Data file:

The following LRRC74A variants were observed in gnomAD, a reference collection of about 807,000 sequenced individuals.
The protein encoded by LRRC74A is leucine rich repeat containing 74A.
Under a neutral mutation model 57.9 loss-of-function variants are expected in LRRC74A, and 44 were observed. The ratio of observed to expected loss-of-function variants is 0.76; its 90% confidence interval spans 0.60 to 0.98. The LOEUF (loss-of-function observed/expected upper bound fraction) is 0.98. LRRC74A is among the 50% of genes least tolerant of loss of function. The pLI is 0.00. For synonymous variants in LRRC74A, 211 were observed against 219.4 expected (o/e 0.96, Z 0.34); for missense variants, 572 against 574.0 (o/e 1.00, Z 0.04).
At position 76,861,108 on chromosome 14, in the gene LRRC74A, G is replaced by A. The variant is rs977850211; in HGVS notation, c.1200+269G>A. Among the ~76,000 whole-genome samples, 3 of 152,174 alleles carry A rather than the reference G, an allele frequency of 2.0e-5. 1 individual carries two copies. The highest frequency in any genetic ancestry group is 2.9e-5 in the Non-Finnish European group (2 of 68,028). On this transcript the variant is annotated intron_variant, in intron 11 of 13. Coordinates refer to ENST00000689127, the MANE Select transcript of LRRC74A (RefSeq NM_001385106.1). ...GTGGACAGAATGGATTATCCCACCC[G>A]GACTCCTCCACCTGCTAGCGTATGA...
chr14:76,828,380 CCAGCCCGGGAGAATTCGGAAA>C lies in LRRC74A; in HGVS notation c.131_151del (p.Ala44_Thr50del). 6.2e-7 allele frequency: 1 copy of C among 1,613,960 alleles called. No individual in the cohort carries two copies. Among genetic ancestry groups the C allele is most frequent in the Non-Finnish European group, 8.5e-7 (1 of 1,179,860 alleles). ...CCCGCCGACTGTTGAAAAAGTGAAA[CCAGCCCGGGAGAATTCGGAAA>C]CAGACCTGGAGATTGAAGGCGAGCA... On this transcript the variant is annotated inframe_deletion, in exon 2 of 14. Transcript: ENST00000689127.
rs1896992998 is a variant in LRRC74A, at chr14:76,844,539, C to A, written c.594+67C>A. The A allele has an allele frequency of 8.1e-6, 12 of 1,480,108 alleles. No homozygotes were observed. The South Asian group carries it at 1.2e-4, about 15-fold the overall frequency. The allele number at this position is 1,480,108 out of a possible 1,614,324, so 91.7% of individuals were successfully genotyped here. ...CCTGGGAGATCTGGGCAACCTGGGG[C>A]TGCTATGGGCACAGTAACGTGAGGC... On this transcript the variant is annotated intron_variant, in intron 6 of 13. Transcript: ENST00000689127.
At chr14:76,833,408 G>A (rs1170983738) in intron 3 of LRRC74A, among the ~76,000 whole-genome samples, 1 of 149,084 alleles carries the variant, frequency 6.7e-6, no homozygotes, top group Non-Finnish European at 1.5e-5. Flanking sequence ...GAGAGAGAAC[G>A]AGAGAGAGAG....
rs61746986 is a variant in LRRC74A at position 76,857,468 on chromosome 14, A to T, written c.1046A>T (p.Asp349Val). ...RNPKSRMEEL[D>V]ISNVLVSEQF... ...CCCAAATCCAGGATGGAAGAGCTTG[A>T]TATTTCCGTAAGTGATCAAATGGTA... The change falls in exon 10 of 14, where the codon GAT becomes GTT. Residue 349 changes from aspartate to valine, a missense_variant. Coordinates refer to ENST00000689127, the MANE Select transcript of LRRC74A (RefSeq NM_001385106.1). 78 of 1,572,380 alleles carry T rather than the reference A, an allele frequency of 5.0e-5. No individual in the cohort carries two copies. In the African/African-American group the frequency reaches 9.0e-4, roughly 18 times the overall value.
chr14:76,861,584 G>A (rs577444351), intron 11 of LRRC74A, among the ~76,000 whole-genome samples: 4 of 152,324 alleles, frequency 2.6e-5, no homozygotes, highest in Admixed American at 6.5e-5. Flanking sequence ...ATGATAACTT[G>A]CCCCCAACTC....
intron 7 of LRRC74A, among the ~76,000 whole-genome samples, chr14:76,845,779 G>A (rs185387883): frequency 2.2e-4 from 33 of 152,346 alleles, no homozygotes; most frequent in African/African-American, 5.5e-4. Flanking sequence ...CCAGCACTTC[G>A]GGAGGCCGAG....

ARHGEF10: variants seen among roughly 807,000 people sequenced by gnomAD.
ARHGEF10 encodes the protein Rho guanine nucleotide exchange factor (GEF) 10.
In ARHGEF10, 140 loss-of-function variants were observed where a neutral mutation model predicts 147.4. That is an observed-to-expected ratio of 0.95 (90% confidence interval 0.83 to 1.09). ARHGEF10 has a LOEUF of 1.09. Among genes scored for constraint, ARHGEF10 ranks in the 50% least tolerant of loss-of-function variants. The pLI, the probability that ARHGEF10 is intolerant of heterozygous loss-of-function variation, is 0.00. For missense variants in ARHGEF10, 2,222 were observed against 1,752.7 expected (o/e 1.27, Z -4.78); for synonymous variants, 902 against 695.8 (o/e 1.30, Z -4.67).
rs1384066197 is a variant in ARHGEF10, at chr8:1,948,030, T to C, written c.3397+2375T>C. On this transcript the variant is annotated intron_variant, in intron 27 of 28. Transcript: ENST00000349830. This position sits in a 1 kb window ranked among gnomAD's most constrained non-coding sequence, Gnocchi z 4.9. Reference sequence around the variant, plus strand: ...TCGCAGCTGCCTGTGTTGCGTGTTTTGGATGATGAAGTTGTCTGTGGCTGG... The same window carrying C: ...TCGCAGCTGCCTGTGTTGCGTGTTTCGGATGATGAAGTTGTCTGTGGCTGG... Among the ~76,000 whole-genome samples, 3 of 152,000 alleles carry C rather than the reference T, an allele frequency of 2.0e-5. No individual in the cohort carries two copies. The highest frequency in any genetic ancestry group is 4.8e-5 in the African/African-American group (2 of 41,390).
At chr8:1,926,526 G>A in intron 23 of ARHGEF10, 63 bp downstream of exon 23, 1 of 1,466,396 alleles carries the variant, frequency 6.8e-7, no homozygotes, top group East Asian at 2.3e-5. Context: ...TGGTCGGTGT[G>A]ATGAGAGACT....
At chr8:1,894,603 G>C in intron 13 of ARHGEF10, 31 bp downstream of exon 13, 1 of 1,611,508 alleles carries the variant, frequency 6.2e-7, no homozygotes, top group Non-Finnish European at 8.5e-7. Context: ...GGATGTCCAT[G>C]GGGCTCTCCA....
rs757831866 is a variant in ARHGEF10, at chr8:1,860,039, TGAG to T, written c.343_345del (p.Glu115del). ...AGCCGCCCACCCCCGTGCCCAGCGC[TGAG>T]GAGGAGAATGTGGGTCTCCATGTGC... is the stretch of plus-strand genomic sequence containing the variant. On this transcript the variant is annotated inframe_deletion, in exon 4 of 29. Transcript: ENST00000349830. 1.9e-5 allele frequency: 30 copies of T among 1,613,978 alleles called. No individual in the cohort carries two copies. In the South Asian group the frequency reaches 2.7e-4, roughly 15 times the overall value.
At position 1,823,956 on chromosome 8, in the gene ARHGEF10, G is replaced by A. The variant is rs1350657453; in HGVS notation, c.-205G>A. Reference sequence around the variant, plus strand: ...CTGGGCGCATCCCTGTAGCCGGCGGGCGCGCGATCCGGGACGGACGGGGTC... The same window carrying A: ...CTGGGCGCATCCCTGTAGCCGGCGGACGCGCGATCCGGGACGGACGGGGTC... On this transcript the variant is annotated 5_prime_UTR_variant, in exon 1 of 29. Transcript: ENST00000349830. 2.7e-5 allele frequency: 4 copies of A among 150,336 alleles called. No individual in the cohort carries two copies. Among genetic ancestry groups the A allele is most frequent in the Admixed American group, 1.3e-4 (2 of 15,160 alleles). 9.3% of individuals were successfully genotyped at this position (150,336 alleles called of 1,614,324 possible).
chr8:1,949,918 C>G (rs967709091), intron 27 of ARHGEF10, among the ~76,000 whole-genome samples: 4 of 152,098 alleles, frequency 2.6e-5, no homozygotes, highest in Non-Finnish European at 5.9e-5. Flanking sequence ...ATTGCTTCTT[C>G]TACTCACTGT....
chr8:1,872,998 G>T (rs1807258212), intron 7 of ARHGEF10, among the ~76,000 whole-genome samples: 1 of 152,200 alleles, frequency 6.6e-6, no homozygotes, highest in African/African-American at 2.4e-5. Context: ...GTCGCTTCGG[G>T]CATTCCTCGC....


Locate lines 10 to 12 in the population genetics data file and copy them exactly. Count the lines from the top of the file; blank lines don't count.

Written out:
intron 7 of LRRC74A, among the ~76,000 whole-genome samples, chr14:76,845,779 G>A (rs185387883): frequency 2.2e-4 from 33 of 152,346 alleles, no homozygotes; most frequent in African/African-American, 5.5e-4. Flanking sequence ...CCAGCACTTC[G>A]GGAGGCCGAG....

ARHGEF10: variants seen among roughly 807,000 people sequenced by gnomAD.
ARHGEF10 encodes the protein Rho guanine nucleotide exchange factor (GEF) 10.